The subtitle is "Power Corrupts. PowerPoint Corrupts Absolutely."
"Particularly disturbing is the adoption of the PowerPoint cognitive style in our schools. Rather than learning to write a report using sentences, children are being taught how to formulate client pitches and infomercials. Elementary school PowerPoint exercises (as seen in teacher guides and in student work posted on the Internet) typically consist of 10 to 20 words and a piece of clip art on each slide in a presentation of three to six slides -a total of perhaps 80 words (15 seconds of silent reading) for a week of work. Students would be better off if the schools simply closed down on those days and everyone went to the Exploratorium or wrote an illustrated essay explaining something."
Now I think Tufte has a point, (a huge pointed pointy point) but I will raise a small defense of Powerpoint as a tool in developing a thorough writing style for children like my high-functioning autistic son, aged 13, who has large verbal challenges and is strongly visual-information oriented. This is an approach I've taken with him since he was about 9.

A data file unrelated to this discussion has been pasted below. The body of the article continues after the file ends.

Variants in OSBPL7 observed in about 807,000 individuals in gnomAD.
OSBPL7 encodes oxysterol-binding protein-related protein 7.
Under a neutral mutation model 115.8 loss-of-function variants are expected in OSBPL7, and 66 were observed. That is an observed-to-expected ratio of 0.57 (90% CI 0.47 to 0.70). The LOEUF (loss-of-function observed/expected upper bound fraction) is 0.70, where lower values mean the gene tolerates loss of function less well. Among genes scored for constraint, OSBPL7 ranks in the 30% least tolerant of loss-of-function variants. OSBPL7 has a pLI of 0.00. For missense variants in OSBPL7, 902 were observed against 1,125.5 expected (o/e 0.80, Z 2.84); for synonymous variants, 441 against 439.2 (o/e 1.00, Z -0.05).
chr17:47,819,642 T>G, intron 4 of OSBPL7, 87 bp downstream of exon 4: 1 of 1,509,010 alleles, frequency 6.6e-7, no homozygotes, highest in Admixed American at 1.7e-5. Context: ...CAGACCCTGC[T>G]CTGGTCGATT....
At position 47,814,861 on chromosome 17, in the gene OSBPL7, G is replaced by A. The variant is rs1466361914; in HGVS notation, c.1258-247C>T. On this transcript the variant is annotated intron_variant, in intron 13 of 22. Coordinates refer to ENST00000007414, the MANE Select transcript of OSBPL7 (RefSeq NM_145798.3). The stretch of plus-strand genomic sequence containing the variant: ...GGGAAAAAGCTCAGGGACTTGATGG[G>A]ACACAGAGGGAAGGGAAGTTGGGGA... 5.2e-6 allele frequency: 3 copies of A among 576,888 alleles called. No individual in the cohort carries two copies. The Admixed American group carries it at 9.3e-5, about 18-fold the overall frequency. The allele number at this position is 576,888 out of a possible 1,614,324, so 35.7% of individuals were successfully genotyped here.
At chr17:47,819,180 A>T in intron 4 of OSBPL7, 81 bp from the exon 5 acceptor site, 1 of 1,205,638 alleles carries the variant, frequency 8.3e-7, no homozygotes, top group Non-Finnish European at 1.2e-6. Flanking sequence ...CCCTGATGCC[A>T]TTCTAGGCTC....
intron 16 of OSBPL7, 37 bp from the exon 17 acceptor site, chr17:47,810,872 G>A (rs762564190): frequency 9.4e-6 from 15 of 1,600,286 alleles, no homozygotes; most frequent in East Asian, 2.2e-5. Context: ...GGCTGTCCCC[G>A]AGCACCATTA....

Typically, I make him read several encyclopaedia articles before getting on the web, we do a Google search together and find a few other information sites for him to read, and I get him to write down the dreaded bullet points in a text document as he reads the source material.
Then I get him to set those points up in a Powerpoint presentation, grouping the points together in logical progression 3 or 4 to a slide, and reward him for having done that work by allowing him to choose an illustration for each side (simple animations were allowed when he was 9 and 10, but are now strictly verboten). He loves this visual representation part of the assignment. Does it waste time? Sure, a little bit, but it keeps him engaged with the task.
Then, for the essay/speech he's been assigned, I tell him to write a paragraph expanding each bullet point on the Powerpoint slides.
The last, tricky part that he's still coming to grips with: make sure that the logical link between one paragraph and another is clear. If it's not, then a short linking paragraph needs to be written. This is the only point in the process where I'll actually help him put his sentences together (I do give him broad editorial advice at earlier stages, and I do sub-edit the final product for obvious howlers).
At the end of this process, he usually has a reasonably well put together essay or speech, at least for a 13 year old. It's certainly not the way I learnt to write essays, but it seems to work for him. Thoughts?
Hat-tip: An Anachronistic Mom, who hatessssess Powerpointsss, yessss she doesss.